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KitemanxACIDITYx

Reply 9 years ago

I can't comment properly on Cyberschool, having no experience of it, but I do think you can't properly learn practical subjects - science, technology, cookery, art - without actually doing it, and sometimes you need somebody there to guide your hand - I'm not an artist, but I can sculpt a head because a proper sculptor sat with me and taught me how.

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xACIDITYxKiteman

Reply 9 years ago

Yeah, I agree with you; Some topics are best taught hands-on. However, I honestly think that the majority of school topics - Math, English, Science, History, etc. - Can be effectively learned without the need for "hands-on" teaching.

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Doctor What

9 years ago

It's not that I wouldn't want to be homeschooled, because I would, but I don't think my parents would be up to it. Not that they're lazy or stupid, but it has been a long time since they were in high school. I could just see my mom teaching: "And this little symbol means and, which is usually called, um.... an...." "It's an ampersand." "Thanks, and the little dot at the end represents the end of a sentence."

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caitlinsdad

9 years ago

If part of the decision of where or what to do is based on your budget and what your parents feel in your best interest, is going to "free" public school just out of the question? And if you live out in the boonies, would the time and effort spent going to school would more productive if you were just homeshcooled? I only know of a pair of kids that are homeschooled because of their parent's beliefs and church affiliation which can support it. Because of the family situation, the kids were mainstreamed back into public school and had a tough time adjusting back socially since they were never in a non-homeschool. I never considered homeschooling because I did not have a structured system or available tutors that would work out. Besides, most of life's tough lessons are learned growing up and dealing with all kinds of life in a public school. Some public schools do suck. Well, here in New York City, I even have disdain for one of my friend's wife who is a schoolteacher because she just views her job as a professional babysitter. One school has the parents association trying to pull a coup d'etat mutiny on the principal of the school. But sometimes you have no choice to your assigned local school in many cases and options to transfer to something better does not work out. So in those cases, I believe, you stick it out and make the best of it. Bright students will always shine. There will always be one teacher who is a positive role model to make the best of things. As for the extras like music, arts, advanced studies,... that is already paid for by taxes. Take advantage of it if you can. I really don't like to make recommendations on what people do because there are so many things to consider in making a big decision like this. All I can say is that sometimes you have to sacrifice something in the short term, put up with the pain, and hope for better things in the future. Times are rough for everyone. Best of luck to you.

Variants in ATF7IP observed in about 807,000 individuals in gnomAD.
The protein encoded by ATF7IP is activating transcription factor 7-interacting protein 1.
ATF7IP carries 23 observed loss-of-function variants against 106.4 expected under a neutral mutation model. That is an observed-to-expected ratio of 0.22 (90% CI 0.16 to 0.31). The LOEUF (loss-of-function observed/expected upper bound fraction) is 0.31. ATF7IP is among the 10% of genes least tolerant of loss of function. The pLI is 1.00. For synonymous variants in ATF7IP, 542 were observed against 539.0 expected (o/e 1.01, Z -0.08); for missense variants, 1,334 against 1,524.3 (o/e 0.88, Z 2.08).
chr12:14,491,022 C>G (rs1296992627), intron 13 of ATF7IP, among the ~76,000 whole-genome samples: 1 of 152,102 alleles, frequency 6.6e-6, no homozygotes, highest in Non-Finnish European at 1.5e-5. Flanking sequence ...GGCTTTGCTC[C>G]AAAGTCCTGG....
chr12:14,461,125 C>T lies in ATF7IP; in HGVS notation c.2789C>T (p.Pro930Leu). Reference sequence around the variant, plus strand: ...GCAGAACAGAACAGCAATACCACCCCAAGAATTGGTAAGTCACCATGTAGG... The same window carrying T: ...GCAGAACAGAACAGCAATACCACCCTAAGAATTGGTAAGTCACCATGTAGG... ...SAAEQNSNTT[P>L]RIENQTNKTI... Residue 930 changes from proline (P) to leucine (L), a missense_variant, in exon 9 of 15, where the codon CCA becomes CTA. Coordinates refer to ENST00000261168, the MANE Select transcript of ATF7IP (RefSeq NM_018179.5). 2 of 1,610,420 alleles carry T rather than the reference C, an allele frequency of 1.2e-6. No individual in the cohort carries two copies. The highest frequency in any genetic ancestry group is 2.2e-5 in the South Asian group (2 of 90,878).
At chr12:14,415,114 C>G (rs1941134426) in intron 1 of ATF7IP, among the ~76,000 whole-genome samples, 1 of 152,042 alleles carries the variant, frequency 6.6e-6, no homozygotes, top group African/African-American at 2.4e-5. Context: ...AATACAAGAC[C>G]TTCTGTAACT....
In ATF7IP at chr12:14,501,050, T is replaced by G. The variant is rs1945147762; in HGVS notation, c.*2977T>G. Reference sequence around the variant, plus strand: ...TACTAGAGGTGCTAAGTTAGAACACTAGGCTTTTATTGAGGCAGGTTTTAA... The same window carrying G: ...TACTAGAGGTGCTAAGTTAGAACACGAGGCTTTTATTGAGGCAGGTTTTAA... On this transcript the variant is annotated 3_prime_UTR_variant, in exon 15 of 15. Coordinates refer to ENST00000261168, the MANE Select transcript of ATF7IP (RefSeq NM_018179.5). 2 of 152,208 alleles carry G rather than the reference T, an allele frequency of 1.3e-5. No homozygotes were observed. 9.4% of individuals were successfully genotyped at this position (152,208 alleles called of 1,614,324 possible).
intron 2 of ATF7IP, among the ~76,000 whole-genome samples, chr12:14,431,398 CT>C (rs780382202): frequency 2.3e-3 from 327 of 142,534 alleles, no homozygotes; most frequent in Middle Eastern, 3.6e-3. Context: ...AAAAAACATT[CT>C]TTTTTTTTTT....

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Labot2001caitlinsdad

Reply 9 years ago

As for the extras like music, arts, advanced studies,... that is already paid for by taxes.

The greedy Board of Eds have cut the arts out of the budget in local public schools, which means no band for me. :P

All I can say is that sometimes you have to sacrifice something in the short term, put up with the pain, and hope for better things in the future.

I can definitely agree with that. Thanks for your comment, caitlinsdad.

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xACIDITYx

9 years ago

Cyber-School ftw. It's like public school, in the sense that you don't have to pay for anything, however you can work at your pace, or work with a virtual class (at least at PaCyber)